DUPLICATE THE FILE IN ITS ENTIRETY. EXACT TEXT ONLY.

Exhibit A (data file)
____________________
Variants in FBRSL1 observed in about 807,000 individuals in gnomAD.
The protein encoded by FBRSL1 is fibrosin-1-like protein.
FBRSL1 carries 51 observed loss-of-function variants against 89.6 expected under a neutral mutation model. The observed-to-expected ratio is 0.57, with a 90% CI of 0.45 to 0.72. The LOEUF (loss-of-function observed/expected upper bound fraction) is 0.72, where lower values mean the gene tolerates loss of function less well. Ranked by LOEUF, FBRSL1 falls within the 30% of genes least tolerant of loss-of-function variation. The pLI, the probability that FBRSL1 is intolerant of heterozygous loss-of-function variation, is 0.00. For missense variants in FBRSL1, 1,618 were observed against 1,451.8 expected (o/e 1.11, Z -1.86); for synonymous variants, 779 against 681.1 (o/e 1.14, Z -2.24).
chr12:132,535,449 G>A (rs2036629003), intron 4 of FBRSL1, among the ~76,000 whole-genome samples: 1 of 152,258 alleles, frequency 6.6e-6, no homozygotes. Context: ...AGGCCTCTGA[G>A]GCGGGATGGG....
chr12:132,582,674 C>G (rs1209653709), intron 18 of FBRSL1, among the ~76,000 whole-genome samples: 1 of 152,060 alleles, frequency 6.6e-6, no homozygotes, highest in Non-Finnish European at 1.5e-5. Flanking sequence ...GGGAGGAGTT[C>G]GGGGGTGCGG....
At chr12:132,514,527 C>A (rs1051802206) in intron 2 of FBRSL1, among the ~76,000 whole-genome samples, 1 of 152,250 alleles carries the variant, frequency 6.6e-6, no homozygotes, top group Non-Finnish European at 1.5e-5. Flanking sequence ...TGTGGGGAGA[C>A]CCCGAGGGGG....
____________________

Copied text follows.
Variants in FBRSL1 observed in about 807,000 individuals in gnomAD.
The protein encoded by FBRSL1 is fibrosin-1-like protein.
FBRSL1 carries 51 observed loss-of-function variants against 89.6 expected under a neutral mutation model. The observed-to-expected ratio is 0.57, with a 90% CI of 0.45 to 0.72. The LOEUF (loss-of-function observed/expected upper bound fraction) is 0.72, where lower values mean the gene tolerates loss of function less well. Ranked by LOEUF, FBRSL1 falls within the 30% of genes least tolerant of loss-of-function variation. The pLI, the probability that FBRSL1 is intolerant of heterozygous loss-of-function variation, is 0.00. For missense variants in FBRSL1, 1,618 were observed against 1,451.8 expected (o/e 1.11, Z -1.86); for synonymous variants, 779 against 681.1 (o/e 1.14, Z -2.24).
chr12:132,535,449 G>A (rs2036629003), intron 4 of FBRSL1, among the ~76,000 whole-genome samples: 1 of 152,258 alleles, frequency 6.6e-6, no homozygotes. Context: ...AGGCCTCTGA[G>A]GCGGGATGGG....
chr12:132,582,674 C>G (rs1209653709), intron 18 of FBRSL1, among the ~76,000 whole-genome samples: 1 of 152,060 alleles, frequency 6.6e-6, no homozygotes, highest in Non-Finnish European at 1.5e-5. Flanking sequence ...GGGAGGAGTT[C>G]GGGGGTGCGG....
At chr12:132,514,527 C>A (rs1051802206) in intron 2 of FBRSL1, among the ~76,000 whole-genome samples, 1 of 152,250 alleles carries the variant, frequency 6.6e-6, no homozygotes, top group Non-Finnish European at 1.5e-5. Flanking sequence ...TGTGGGGAGA[C>A]CCCGAGGGGG....